It’s Voting Tuesday! The future of the courts depends on us.

January 27, 2020

Regardless of who is in the White House in 2021, the U.S. Senate will serve as the most important check on presidential power, including the authority to approve or reject lifetime appointments to the federal courts.

A justice could leave the Supreme Court at any time for any reason. With two judges over the age of 80, the next U.S. Senate will likely determine the future of federal courts. A second term could give Trump two more picks, potentially allowing Trump to choose four of the Supreme Court’s nine justices over his tenure—which would be the most by any president since Richard Nixon.

Thirty-five of the 100 Senate seats are on the ballot this year. Experts have identified 17 of these races as competitive.

Ten extreme Anti-Choice incumbents are facing tight re-election races in 2020:

  • Martha McSally (R-Arizona)
  • Cory Gardner (R-Colorado)
  • Kelly Loeffler (R-Georgia)
  • David Perdue (R – Georgia)
  • Joni Ernst (R-Iowa)
  • Mitch McConnell (R-Kentucky)
  • Cindy Hyde-Smith (R-Mississippi)
  • Steve Daines (R-Montana)
  • Thom Tillis (R-North Carolina)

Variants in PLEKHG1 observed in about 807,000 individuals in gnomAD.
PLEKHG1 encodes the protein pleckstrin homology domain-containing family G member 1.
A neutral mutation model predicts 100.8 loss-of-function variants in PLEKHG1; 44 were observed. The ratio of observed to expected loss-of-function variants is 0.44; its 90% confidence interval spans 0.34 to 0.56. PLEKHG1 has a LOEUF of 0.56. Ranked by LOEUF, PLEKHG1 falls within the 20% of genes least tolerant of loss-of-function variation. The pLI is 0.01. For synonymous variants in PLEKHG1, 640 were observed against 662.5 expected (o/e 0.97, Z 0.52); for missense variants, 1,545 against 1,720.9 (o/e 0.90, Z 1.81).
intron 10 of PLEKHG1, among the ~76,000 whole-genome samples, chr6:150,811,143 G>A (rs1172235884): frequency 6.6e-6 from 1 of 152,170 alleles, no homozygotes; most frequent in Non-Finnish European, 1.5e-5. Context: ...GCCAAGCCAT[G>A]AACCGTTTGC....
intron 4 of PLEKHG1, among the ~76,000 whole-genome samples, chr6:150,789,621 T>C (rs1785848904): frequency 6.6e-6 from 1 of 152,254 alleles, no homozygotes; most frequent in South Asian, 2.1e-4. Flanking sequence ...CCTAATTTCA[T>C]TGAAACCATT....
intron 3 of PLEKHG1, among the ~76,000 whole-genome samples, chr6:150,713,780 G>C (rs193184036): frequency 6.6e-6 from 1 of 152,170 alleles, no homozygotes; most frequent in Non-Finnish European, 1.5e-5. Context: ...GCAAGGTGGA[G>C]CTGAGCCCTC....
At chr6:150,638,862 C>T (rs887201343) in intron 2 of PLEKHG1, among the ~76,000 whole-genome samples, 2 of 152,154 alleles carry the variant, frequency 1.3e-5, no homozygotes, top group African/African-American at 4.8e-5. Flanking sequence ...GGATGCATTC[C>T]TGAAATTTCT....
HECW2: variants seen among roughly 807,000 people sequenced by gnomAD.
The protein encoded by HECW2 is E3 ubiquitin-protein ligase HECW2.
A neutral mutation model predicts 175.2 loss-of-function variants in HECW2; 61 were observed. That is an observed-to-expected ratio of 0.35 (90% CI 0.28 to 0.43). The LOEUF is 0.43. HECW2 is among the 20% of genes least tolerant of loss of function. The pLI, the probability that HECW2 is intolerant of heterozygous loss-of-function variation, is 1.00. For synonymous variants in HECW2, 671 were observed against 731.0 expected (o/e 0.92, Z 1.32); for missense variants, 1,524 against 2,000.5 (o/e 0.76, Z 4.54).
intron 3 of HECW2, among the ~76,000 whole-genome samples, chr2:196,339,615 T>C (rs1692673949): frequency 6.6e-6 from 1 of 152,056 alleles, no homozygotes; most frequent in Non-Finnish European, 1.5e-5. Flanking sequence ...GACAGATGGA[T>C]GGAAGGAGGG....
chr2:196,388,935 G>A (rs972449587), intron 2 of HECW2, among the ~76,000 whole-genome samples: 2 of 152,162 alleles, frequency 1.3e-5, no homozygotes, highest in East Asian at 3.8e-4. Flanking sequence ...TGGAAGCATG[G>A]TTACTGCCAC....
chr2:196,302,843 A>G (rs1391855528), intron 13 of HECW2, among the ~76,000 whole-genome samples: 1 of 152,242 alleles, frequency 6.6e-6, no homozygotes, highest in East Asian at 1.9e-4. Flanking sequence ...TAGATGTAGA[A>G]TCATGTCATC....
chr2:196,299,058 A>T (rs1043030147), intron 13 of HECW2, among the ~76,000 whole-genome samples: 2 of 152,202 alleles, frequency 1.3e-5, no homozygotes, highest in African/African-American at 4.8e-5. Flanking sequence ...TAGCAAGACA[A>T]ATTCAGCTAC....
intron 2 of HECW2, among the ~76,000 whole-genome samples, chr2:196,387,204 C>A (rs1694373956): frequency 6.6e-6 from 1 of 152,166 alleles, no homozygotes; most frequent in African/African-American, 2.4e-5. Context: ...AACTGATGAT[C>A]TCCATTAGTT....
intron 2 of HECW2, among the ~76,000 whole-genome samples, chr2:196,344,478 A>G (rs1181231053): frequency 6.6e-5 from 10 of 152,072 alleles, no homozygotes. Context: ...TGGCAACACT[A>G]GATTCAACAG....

• John Cornyn (R-Texas)

Three Incumbents who consistently vote to support reproductive rights are also facing tight races:

  • Gary Peters (D-Michigan)
  • Tina Smith (D-Minnesota)
  • Jeanne Shaheen (D-New Hampshire)

The list of competitive 2020 races includes two incumbents with mixed voting recordsDoug Jones (D-Alabama) and Susan Collins (R-Maine).

There are also two open seats, one with a retiring pro-choice incumbent (New Mexico) and one with a retiring anti-choice incumbent (Kansas).

Do you live in one of these states? Pick a pro-choice candidate, and let’s GET TO WORK.

Find out more about these races:  270 to Win and Ballotpedia

Illustration by João Fazenda

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